The study was conducted at a Family Medicine clinic at a southeastern academic medical center. Physicians referred 69 obese female potential participants between the ages of 18 and 70. Investigators contacted and screened 56 potential participants (29 Black, 27 White) by telephone for their willingness/ appropriateness for participation in the study.

30 participants Mean age 48 Mean BMI 41.3 Women 100% (n = 30)

Black 57% (n = 17)

White 43% (n = 13)

Six focus groups with race-matched facilitators

Thematic analysis

Facilitators were matched according to ethnicity.

There was no mention of gender; age or body size of focus group facilitators.

Investigators involved in the theming were from varied educational backgrounds including a clinical psychologist, a master’s level psychologist, a family physician and a pharmacologist.

Sampling and generalisability

investigators recorded height, weight and BMI prior to focus group

Thomas, et al. 2008a (Australia)

To explore in detail the extent to which people living with obesity have attempted to lose weight, their attitudes towards dieting and weight loss solutions, their opinions about why their weight loss attempts have failed, and suggestions as to what may help them in their struggle with their weight

Part of a larger study looking at the health and social experiences of people living with obesity in Victoria, Australia. Individuals recruited using articles in local newspaper, convenience sampling and at a later stage purposive sampling techniques to diversify the sample.

76 participants Mean age 47 years Mean BMI 42.5Women 83% (n = 63)

Men 17% (n = 13)

76 individual interviews either face to face or by telephone

A constant, continuous, comparative analysis was used

No mention of gender; ageethnicity or body size of interviewers.

 “Interviews were conducted by a team of five experienced qualitative researchers”.

Sampling and generalisability

Thomas, et al. 2008b (Australia)

To develop an in-depth picture of both lived experience of obesity and the impact of socio-cultural factors on people living with obesity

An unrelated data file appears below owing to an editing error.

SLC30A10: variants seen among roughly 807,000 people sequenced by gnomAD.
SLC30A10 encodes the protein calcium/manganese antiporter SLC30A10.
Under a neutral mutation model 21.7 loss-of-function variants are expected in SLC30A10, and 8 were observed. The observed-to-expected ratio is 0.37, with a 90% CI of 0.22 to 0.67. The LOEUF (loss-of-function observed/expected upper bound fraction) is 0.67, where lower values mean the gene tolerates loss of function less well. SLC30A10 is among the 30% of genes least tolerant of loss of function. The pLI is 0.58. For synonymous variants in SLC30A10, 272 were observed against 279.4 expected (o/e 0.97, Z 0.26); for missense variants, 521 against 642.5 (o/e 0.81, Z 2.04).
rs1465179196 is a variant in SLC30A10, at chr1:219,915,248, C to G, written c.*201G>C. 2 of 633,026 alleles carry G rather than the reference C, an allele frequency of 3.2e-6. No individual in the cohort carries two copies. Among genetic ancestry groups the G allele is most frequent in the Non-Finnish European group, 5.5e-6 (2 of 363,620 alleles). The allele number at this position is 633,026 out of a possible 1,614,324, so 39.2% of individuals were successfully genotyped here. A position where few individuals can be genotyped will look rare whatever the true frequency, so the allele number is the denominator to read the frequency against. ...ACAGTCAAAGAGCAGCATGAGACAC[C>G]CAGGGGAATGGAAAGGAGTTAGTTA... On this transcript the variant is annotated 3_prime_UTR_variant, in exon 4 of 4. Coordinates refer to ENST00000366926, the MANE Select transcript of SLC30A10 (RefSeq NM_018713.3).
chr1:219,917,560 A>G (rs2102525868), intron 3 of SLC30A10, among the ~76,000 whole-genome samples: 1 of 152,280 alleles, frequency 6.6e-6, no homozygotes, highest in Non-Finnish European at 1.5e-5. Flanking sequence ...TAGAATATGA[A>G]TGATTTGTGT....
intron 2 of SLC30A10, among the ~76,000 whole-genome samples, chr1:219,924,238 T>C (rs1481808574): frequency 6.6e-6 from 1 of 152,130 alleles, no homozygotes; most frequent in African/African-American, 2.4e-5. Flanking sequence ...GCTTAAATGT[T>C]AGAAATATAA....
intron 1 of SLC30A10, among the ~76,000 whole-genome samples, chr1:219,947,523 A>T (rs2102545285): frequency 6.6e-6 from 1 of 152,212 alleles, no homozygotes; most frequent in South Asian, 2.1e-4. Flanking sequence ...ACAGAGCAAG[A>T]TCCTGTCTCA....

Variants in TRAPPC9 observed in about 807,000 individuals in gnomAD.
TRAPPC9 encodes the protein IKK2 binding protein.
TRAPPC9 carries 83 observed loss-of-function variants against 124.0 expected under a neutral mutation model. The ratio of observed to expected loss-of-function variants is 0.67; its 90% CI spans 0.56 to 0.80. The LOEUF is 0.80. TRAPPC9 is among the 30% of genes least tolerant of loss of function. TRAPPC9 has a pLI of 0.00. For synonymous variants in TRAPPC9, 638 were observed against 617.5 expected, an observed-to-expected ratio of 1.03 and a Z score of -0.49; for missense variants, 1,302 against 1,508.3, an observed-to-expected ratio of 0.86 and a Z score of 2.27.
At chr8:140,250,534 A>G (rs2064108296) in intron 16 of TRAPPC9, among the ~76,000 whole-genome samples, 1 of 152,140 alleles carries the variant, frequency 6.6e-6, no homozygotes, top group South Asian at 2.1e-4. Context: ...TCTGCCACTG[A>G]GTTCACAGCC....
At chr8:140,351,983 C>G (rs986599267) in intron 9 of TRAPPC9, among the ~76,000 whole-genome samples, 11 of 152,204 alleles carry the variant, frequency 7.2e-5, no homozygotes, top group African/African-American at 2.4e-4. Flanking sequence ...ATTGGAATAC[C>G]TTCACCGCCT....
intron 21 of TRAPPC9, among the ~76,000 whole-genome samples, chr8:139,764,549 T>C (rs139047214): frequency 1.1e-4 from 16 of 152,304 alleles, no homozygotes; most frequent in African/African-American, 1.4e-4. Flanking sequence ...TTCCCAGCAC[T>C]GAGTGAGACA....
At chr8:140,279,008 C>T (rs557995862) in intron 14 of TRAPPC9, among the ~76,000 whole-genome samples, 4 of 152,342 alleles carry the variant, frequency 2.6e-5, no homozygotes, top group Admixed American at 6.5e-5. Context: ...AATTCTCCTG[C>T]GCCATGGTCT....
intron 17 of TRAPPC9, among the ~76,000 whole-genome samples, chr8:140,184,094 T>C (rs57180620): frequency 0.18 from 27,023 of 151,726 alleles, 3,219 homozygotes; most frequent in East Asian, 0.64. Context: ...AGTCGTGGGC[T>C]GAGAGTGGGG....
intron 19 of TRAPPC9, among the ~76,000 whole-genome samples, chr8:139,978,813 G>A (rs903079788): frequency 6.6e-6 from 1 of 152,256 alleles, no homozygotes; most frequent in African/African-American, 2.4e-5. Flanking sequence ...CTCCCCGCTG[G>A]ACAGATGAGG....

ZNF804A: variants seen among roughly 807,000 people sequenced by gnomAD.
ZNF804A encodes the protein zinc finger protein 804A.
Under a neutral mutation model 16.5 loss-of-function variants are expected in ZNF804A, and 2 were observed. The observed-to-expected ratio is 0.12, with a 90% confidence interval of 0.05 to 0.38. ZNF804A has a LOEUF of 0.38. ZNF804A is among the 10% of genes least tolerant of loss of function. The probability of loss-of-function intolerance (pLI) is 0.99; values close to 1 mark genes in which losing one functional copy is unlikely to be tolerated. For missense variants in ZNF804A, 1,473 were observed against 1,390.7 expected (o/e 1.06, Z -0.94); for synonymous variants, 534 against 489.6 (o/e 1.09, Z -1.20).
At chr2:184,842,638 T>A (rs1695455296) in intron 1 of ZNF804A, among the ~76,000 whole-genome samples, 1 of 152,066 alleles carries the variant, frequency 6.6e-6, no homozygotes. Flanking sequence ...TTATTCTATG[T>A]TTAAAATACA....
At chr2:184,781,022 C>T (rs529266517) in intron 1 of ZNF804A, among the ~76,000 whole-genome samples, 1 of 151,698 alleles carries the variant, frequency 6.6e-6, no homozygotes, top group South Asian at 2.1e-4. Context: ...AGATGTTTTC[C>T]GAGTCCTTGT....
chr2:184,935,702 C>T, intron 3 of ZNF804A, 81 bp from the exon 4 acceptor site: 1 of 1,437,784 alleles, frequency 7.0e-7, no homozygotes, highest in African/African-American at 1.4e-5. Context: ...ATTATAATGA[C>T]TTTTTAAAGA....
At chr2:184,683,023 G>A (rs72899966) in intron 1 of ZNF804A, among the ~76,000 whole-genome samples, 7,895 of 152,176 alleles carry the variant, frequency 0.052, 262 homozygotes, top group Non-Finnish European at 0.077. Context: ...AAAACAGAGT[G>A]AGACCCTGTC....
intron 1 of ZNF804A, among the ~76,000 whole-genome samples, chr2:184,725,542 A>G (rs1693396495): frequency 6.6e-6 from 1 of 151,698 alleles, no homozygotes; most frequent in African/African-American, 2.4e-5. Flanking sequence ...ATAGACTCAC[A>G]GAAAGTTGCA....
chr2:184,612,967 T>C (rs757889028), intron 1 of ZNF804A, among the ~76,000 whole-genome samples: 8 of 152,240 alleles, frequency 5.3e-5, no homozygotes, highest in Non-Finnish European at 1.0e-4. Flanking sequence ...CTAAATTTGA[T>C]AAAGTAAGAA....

A brief report about the study was published in a daily newspaper in Victoria, Australia, to recruit a community sample of clinically obese adults. Community sampling methods were supplemented with purposive sampling techniques to ensure a diverse range of individuals were included.

76 participants Mean age 47 years Mean BMI 42.5Women 83% (n = 63)

Men 17% (n = 13)

76 individual interviews either face to face or by telephone

As above

No mention of gender; age, ethnicity or body size of interviewers.

As above


Thomas, et al. 2010 (Australia)

To examine how obese individuals felt about themselves and their bodies, what influenced these feelings, and the subsequent coping strategies employed

Recruitment via combination of methods including media publicity, advertisements, health professionals, commercial and community based weight loss organizations. Mainly from Victoria area and mainly (62.7%) at least degree level educated, from middle to upper socio-economic areas

142 participants Mean age 44.8 years Mean BMI 39.3.

Women 74.6% (n = 106)

Men 25.4% (n = 36)

142 individual interviews

(as above)

No mention of gender; age, ethnicity or body size of interviewers.

None identified

Throsby 2007 (UK)

To explore the discursive resources and strategies available to those who are, or who have been, very overweight in accounting for their size

Recruitment mainly via a website of participants from England and Scotland who were either waiting for or had had surgery for obesity

35 participants.

Does not give ages.

All likely to have been obese (eligible for surgery in UK)

Women 83% (n = 29)

Men 17% (n = 6)

35 individual interviews

Analysed using discourse analysis

Author identifies herself as undertaking interviews. No mention of age, ethnicity or body size of interviewer.

None identified

Tod and Lacey 2004 (UK)

To explore the factors that motivate or hinder people in taking action about their weight

Participants were recruited from a commercial slimming organisation in South Yorkshire